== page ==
Restrictive Covenants in Florida: What are They and How are They Enforced
September 1, 2011
Generally speaking, restrictive covenants are clauses used by employers as part of their employment contracts, as a way to restrict certain activity by a prospective employee in order to protect legitimate business interests of the employer. Restrictive covenants can be used to prohibit a prospective employee from using confidential business information outside the scope of his or her new employment, or from soliciting the company’s clients if the new employee decides to leave the job. Restrictive covenants may take the form of a “covenant not to compete,” (“non compete,” for short), a “covenant not to solicit” (“non solicit,” for short), or a “confidentiality agreement.” Under the relevant statute, Florida section 542.335, the term “restrictive covenants” includes all contractual restrictions such as noncompetition/nonsolicitation agreements, confidentiality agreements, exclusive dealing agreements, and all other contractual restraints of trade.
Do Florida courts enforce these kinds of clauses or covenants? The answer will depend on the facts of the case, but for the most part, courts will enforce restrictive covenants if certain requirements are met.
First, it is important to note that if an employer believes that a restrictive covenant has been breached (or violated), the employer, and its attorney, should consider seeking injunctive relief. For those non-attorneys out there, injunctions are a legal device used to try to gain immediate relief by the court. Because it is difficult to prove what damages will result from a breach of a restrictive covenant, injunctive relief is the typical remedy for cases involving breaches of restrictive covenants. See Environmental Services, Inc. v. Carter, 9 So. 3d 1258, 1261 (Fla. 5th DCA 2009).
Before a court will issue an injunction, the moving party has to prove (1) the likelihood of irreparable harm, (2) the unavailability of an adequate remedy at law, (3) a substantial likelihood of success on the merits, and (4) that a temporary injunction will serve the public interest. See Environmental Services, Inc., 9 So. 3d at 1261. See also Hilb Rogal & Hobbs of Florida, Inc. v. Grimmel, 48 So. 3d 957, 959 (Fla. 4th DCA 2010). A violation of an enforceable restrictive covenant generally creates a presumption of irreparable injury. See Environmental Services, Inc., 9 So. 3d at 1261; Hilb Rogal & Hobbs of Florida, Inc., 48 So. 3d at 959.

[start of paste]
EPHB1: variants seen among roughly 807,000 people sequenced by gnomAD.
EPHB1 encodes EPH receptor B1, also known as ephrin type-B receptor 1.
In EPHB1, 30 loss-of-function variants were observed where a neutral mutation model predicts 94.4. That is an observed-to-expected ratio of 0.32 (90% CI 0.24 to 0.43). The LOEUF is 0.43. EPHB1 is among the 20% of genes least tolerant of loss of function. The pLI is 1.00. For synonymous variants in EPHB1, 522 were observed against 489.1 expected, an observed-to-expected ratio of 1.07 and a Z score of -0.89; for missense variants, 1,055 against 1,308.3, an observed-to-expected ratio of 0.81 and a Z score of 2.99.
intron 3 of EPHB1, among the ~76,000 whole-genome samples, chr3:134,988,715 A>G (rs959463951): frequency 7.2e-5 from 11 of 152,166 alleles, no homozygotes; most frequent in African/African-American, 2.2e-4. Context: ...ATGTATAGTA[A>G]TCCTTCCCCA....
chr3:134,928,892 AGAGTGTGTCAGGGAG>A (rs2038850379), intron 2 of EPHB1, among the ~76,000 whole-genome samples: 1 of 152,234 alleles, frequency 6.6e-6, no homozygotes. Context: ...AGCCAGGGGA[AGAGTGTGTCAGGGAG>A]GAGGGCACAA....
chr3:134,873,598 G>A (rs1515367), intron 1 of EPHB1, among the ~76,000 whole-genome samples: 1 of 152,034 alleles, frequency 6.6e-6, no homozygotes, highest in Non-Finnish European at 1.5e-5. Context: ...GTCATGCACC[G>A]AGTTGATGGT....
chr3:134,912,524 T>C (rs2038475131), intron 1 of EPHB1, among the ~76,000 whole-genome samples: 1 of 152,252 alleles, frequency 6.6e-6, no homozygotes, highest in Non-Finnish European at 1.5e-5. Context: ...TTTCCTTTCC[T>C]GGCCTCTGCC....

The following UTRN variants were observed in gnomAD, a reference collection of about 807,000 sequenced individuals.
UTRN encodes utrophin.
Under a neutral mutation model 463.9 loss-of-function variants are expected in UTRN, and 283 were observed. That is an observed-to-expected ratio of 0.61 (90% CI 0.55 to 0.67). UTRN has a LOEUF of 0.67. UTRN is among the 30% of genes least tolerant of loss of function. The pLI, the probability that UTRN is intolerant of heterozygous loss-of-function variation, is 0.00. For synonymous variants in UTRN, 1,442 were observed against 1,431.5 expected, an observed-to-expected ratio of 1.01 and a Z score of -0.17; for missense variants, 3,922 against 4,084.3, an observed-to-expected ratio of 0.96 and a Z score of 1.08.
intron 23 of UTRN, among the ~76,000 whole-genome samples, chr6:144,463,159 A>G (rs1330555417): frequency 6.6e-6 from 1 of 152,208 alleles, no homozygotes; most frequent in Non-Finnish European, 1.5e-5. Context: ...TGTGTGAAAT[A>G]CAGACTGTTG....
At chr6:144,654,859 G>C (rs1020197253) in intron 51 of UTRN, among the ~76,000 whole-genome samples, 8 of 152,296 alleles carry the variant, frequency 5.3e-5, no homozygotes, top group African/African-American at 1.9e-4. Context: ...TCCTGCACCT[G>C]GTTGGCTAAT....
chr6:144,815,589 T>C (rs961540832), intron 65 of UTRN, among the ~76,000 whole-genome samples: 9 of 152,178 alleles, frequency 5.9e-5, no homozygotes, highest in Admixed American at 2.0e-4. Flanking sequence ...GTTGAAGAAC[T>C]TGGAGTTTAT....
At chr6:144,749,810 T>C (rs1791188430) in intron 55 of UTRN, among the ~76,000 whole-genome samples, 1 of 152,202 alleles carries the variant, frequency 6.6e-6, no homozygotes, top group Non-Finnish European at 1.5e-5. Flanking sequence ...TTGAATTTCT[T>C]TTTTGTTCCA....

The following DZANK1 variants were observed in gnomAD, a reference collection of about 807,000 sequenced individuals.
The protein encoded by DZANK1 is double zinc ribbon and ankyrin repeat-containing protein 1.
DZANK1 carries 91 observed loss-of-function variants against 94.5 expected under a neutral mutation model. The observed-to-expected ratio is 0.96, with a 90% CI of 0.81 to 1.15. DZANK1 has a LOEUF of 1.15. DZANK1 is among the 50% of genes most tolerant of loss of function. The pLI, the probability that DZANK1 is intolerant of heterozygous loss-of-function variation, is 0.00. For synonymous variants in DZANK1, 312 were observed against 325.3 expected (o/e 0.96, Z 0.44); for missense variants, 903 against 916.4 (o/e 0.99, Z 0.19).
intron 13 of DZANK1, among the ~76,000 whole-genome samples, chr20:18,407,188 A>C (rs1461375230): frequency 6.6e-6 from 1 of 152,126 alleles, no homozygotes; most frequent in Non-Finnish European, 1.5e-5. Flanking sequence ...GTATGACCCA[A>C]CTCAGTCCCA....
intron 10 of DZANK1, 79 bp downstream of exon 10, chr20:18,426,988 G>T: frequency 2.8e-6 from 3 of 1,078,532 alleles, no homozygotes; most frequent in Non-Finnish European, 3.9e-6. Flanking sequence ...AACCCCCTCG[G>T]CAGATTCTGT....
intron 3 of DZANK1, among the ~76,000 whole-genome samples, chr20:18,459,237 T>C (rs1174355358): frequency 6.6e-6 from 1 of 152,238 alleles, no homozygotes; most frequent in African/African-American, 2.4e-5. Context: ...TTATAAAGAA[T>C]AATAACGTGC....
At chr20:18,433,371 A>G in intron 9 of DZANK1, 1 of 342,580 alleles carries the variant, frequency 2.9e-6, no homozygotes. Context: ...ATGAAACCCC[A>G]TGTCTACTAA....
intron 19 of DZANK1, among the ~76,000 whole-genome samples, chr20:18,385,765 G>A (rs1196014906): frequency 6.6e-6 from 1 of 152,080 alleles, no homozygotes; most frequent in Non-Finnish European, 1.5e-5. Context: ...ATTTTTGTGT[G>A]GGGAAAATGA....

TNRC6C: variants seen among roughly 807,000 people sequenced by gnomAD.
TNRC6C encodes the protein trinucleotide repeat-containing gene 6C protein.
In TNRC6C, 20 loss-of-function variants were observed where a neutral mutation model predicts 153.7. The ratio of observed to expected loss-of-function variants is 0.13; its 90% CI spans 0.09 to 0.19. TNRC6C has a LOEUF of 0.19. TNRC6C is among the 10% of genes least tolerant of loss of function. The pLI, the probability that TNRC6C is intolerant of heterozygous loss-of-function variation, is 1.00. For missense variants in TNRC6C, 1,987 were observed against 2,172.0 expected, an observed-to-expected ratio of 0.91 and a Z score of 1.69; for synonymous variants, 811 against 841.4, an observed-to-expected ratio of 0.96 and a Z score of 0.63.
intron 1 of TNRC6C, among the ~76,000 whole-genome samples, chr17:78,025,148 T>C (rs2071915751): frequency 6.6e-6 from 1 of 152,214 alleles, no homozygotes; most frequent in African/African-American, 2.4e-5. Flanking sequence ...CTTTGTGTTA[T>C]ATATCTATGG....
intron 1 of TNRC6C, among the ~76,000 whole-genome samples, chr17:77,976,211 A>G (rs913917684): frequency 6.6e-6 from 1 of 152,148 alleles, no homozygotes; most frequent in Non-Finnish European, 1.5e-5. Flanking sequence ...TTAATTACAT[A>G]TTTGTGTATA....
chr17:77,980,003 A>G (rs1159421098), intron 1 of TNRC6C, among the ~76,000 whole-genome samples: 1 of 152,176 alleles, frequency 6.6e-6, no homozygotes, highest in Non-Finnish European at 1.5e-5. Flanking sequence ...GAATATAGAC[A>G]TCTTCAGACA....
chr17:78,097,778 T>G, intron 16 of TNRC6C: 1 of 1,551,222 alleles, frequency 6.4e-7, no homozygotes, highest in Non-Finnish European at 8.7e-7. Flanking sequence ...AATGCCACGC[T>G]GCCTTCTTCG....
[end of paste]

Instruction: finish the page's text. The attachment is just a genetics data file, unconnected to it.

Courts will determine whether to enforce a restrictive covenant in an employment contract by examining the requirements of Florida Statute section 542.335. See Environmental Services, Inc., 9 So. 3d at 1261; Hilb Rogal & Hobbs of Florida, Inc., 48 So. 3d at 959. The Fourth District Court of Appeal described the basic analysis as follows:
Hilb Rogal & Hobbs of Florida, Inc., 48 So. 3d at 959-960.
Attorneys litigating restrictive covenants and prospective employees presented with restrictive covenants in employment contracts may wish to take note of a few important considerations:
(1) Courts often recognize and enforce an employer’s legitimate interest in prohibiting solicitation of its customers with whom the employer has a substantial relationship. See Id. at 960-962 (collecting cases); Environmental Services, Inc., 9 So. 3d at 1264-1266; Atomic Tattoos, LLC v. Morgan, 45 So. 3d 63, 65 (Fla. 2d DCA 2010)
(2) Restrictive covenants should specifically define which customers or clients are not to be solicited by the prospective employee. See 4UOrtho, LLC v. Practice Partners, Inc., 18 So. 3d 41, 43 (Fla. 4th DCA 2009).
(3) Employers seeking to protect what it believes to constitute trade secret information will have to rely on more than mere statements of concern when the time comes to go to court. In one case, the court refused to enforce a restrictive covenant because testimony that an employer sought to protect “marketing plans, product plans, business strategies, financial information, forecasts, and the like” was found to be lacking in specificity. See Gould & Lamb, LLC, 949 So. 2d 1212, 1214 (Fla. 2d DCA 2007).
(4) Restrictive covenants which fail to contain a geographic scope are not automatically void. Rather, courts are permitted to determine what constitutes a reasonable geographic limitation. See Environmental Services, Inc., 9 So. 3d at 1264 (collecting cases).
(5) Pursuant to section 542.335(1)(d), restrictive covenants lasting 6 months or less are presumed reasonable, and any covenants lasting more than 2 years are presumed unreasonable. See Environmental Services, Inc., 9 So. 3d at 1263.
(6) Restrictive covenants may not be used to eliminate all competition, and may not be enforced where the court determines that the terms are unduly harsh or inflict an unnecessary result on the employee. See Edwards v. Harris, 964 So. 2d 196, 198 (Fla. 1st DCA 2007). Employers may not use restrictive covenants to prevent employees from going to work for a competitor “in any capacity.” See Edwards, 964 So. 2d at 198.